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Tuesday, December 26, 2017

Booot...A Good Practice Engine

     Booot 6.2 is a UCI compliant open source chess program by Alex Morozov and in recent years has performed well in engine tournaments against the “also-rans.” Currently it is number 8 on CCLR complete 40/40 list with a rating of 3227. On the Chess Owl list it stands number 11 and is rated 3187. It's performance against the top-rated engines is pretty poor though, so I don't think it's of much value for analysis. Here are Booot's scores against the top five engines on the CCLR 40/40 list: 

asmFish (+1−32=16) 
SugaR XPrO (+0−18=14) 
Houdini (+0−20=12) 
Komodo 11.2 (+0−15=18) 
Stockfish 8 (+0−10=22) 

     Often when you artificially lower their strength engines don't play even close to the way humans do. However, Booot seems to have a human-like style and is an interesting practice partner. Over the holiday I was playing around with some of the engines I never use, but are installed on my Fritz GUI: Andscacs, Booot, Giraffe, McBrain, Roce, SmarThink, Symphysodon and Zappa. 
     I played a bunch of 10 minute games against them in the Sparring Mode. In this mode the program plays a reasonably strong game, but at the same time makes tactical errors. If the program finds a move that allows the opponent to gain a tactical advantage in a clever way, it will play that move. It is a very realistic human style, the kind you encounter in a chess club. You can select the grade of difficulty of the tactics: Very easy for players with an Elo of around 1400 and usually involves finding forks and two move combinations. Normal is meant for players between 1700 and 1900, and very hard is for players from 1900 and, so it says, all the way up to GMs.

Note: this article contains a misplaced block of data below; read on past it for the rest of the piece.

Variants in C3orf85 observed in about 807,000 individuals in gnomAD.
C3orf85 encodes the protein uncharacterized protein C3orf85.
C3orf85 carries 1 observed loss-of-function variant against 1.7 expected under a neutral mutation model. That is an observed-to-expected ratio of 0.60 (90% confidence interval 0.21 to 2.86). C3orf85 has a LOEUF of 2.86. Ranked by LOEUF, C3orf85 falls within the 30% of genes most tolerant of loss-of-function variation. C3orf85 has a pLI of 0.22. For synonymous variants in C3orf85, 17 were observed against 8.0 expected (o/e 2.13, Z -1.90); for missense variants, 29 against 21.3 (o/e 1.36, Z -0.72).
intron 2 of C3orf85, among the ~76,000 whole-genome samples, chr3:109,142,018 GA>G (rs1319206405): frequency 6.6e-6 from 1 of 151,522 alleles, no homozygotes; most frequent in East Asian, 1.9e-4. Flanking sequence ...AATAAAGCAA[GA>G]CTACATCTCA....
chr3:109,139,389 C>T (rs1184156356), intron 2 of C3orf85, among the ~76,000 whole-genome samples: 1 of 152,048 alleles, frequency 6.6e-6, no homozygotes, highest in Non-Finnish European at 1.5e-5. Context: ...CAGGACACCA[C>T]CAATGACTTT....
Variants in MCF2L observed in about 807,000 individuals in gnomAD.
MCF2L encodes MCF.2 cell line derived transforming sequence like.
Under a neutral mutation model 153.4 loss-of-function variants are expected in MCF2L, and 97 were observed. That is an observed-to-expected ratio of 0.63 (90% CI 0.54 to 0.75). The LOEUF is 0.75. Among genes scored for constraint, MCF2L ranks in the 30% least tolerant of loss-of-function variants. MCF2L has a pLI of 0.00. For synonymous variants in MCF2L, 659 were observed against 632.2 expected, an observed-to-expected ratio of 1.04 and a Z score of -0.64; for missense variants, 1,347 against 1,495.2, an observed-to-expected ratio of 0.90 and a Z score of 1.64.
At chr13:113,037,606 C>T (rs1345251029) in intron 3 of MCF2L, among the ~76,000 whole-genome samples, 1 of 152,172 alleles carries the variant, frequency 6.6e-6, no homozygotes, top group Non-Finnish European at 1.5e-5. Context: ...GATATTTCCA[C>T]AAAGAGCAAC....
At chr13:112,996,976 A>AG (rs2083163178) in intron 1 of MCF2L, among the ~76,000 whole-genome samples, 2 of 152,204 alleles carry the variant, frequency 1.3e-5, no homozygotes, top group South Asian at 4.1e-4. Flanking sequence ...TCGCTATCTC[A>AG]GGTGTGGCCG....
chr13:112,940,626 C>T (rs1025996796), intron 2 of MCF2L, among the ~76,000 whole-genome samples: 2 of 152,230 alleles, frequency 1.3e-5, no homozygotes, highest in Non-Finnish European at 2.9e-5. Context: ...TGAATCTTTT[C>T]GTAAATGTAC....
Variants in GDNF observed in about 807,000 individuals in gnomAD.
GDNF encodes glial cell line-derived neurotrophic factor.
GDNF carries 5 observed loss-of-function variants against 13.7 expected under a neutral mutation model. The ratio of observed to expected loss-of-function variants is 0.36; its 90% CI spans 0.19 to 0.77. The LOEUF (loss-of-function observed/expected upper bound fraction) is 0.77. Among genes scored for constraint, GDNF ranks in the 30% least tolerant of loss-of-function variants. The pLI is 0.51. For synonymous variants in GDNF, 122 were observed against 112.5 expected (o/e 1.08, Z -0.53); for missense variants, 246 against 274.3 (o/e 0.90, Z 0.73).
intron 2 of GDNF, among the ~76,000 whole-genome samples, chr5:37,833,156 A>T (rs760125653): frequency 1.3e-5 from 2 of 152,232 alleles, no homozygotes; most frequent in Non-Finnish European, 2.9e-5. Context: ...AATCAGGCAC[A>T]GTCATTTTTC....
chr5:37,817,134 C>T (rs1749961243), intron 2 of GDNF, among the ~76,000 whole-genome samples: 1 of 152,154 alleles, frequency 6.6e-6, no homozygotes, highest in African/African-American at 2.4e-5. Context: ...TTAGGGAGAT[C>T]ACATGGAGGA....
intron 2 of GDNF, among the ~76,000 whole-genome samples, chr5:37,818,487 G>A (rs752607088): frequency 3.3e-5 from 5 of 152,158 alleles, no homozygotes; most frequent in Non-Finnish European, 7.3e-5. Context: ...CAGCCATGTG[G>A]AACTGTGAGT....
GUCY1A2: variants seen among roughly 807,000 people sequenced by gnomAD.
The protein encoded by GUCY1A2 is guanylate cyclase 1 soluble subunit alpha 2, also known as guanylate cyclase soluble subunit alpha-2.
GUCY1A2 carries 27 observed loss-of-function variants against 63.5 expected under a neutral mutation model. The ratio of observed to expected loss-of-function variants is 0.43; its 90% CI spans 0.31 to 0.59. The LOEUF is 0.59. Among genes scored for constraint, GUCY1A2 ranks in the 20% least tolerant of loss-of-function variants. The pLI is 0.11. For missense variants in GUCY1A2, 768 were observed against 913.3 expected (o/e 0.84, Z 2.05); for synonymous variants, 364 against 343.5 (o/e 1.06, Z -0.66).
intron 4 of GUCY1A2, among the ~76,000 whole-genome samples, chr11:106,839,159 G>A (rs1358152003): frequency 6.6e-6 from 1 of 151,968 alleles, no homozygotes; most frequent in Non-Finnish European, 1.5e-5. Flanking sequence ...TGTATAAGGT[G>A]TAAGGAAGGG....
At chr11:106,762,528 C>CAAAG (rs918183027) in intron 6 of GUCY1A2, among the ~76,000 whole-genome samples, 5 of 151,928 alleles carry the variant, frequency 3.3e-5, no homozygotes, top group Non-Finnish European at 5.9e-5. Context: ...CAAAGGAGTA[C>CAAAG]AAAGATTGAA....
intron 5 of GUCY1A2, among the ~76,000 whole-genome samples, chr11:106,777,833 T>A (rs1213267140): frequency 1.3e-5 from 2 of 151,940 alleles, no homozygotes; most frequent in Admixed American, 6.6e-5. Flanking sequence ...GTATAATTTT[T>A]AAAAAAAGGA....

I also experimented with playing it in the handicap mode. In this mode you can adjust playing strength from 1375 to 2300, the blunder range, attack on the king, King's defense, Piece placement, P-structure, mobility, canter control, piece trading, variety of openings ans piece play. I left everything at the mid-range setting (default) and adjusted the playing strength to 2100. The problem with this is that engines will often make a blunder at some point, but for most of the game play at GM strength. 
     But, using one of the weaker engines in the Sparring mode, I could, to some extent, overcome these problems. The engine that proved to be the most fun was Booot. It did play reasonably human-like especially in the Sparring mode as evidenced by the game below. I think it might make a good practice engine because it's moves did seem reasonably human-like. Version 6.2 can be downloaded from HERE.

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